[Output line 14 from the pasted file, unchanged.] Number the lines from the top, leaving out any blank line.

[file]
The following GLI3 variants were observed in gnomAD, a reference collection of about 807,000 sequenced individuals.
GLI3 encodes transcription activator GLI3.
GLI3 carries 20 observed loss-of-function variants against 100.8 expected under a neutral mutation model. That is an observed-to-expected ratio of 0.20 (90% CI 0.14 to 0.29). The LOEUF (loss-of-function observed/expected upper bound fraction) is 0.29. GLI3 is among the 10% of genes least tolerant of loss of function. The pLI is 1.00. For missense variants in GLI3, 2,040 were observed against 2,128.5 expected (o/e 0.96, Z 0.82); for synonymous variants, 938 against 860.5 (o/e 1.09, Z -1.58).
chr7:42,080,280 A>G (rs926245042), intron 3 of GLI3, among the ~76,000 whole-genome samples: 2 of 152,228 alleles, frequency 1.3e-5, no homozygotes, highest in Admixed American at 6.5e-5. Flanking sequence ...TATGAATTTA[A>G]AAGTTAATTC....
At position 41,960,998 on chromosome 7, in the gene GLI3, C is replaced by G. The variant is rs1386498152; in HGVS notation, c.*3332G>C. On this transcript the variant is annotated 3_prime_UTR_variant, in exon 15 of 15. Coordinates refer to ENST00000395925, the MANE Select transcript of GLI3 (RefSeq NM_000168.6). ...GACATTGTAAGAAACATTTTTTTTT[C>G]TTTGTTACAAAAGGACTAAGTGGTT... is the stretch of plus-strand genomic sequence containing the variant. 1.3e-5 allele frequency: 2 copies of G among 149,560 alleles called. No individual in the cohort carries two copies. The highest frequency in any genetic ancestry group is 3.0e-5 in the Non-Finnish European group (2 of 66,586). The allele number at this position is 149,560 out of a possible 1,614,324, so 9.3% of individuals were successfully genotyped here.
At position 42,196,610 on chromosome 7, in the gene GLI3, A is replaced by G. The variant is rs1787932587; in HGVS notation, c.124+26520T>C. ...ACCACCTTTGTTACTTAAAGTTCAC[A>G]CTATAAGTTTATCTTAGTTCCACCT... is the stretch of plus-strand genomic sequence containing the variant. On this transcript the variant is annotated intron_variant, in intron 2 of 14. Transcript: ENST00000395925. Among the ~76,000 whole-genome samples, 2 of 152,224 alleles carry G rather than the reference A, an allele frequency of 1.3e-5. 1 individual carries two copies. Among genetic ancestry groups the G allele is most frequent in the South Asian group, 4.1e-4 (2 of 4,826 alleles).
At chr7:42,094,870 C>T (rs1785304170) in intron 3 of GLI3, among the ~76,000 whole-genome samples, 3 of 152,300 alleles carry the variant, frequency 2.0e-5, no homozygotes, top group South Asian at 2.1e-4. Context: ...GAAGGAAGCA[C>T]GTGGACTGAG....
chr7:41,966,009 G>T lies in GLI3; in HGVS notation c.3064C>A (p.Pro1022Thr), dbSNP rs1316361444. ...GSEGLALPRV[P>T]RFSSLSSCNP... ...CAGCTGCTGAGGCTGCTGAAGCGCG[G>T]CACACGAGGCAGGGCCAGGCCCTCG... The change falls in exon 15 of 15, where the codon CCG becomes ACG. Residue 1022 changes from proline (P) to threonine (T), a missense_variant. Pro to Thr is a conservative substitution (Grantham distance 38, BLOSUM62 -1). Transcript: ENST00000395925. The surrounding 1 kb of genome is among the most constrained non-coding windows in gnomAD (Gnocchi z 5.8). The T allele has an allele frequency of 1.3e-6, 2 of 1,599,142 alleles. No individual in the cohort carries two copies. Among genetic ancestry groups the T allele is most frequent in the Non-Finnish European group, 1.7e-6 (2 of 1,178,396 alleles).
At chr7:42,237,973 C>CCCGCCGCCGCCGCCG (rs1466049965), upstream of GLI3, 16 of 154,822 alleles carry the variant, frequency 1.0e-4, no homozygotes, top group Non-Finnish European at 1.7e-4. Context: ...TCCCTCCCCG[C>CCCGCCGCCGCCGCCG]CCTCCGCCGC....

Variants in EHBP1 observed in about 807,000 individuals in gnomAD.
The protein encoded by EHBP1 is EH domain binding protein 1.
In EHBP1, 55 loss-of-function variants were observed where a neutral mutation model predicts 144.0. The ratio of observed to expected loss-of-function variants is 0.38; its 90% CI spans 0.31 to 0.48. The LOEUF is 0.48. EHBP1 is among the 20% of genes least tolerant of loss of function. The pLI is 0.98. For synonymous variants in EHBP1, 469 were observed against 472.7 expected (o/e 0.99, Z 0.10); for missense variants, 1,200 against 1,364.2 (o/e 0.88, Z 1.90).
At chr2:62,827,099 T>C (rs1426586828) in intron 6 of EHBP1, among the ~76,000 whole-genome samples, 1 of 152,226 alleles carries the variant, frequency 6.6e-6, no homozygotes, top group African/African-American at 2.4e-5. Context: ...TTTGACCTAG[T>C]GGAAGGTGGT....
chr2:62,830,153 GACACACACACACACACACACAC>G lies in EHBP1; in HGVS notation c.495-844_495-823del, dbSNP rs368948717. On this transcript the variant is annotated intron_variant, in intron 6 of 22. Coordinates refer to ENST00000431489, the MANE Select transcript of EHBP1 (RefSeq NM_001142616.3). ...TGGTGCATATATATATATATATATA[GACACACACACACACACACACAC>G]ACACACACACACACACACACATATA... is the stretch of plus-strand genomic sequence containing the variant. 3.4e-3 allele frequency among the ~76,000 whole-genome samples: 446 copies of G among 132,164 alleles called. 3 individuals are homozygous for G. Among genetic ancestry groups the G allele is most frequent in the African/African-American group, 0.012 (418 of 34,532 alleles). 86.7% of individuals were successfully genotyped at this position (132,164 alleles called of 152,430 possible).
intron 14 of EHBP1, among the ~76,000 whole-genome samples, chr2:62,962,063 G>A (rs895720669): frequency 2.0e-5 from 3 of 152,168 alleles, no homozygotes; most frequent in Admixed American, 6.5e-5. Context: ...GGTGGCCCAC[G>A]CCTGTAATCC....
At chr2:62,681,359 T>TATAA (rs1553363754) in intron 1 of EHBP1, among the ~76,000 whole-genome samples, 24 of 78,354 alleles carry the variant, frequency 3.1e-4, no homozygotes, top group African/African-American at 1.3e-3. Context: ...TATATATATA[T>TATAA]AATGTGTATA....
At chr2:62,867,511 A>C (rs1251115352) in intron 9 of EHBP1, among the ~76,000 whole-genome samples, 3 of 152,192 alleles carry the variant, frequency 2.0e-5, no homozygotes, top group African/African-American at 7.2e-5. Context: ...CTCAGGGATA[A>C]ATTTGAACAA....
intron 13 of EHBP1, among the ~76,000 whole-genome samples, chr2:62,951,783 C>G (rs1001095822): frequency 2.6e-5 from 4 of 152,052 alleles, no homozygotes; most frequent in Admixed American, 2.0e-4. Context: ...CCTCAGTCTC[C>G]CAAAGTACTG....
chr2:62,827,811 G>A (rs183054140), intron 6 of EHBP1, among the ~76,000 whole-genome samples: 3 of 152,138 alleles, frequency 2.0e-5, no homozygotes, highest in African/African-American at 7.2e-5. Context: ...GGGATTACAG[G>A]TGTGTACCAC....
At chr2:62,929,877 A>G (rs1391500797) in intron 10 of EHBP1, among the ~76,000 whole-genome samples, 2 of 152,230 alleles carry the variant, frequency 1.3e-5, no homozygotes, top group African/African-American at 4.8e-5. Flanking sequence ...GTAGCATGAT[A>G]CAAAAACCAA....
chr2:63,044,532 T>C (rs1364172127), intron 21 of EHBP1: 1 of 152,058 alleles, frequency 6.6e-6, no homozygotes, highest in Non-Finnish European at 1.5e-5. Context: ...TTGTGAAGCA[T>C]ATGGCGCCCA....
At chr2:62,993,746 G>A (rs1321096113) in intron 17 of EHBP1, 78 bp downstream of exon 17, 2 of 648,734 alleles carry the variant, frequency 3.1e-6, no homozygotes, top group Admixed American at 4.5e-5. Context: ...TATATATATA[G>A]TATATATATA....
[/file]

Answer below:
chr2:62,830,153 GACACACACACACACACACACAC>G lies in EHBP1; in HGVS notation c.495-844_495-823del, dbSNP rs368948717. On this transcript the variant is annotated intron_variant, in intron 6 of 22. Coordinates refer to ENST00000431489, the MANE Select transcript of EHBP1 (RefSeq NM_001142616.3). ...TGGTGCATATATATATATATATATA[GACACACACACACACACACACAC>G]ACACACACACACACACACACATATA... is the stretch of plus-strand genomic sequence containing the variant. 3.4e-3 allele frequency among the ~76,000 whole-genome samples: 446 copies of G among 132,164 alleles called. 3 individuals are homozygous for G. Among genetic ancestry groups the G allele is most frequent in the African/African-American group, 0.012 (418 of 34,532 alleles). 86.7% of individuals were successfully genotyped at this position (132,164 alleles called of 152,430 possible).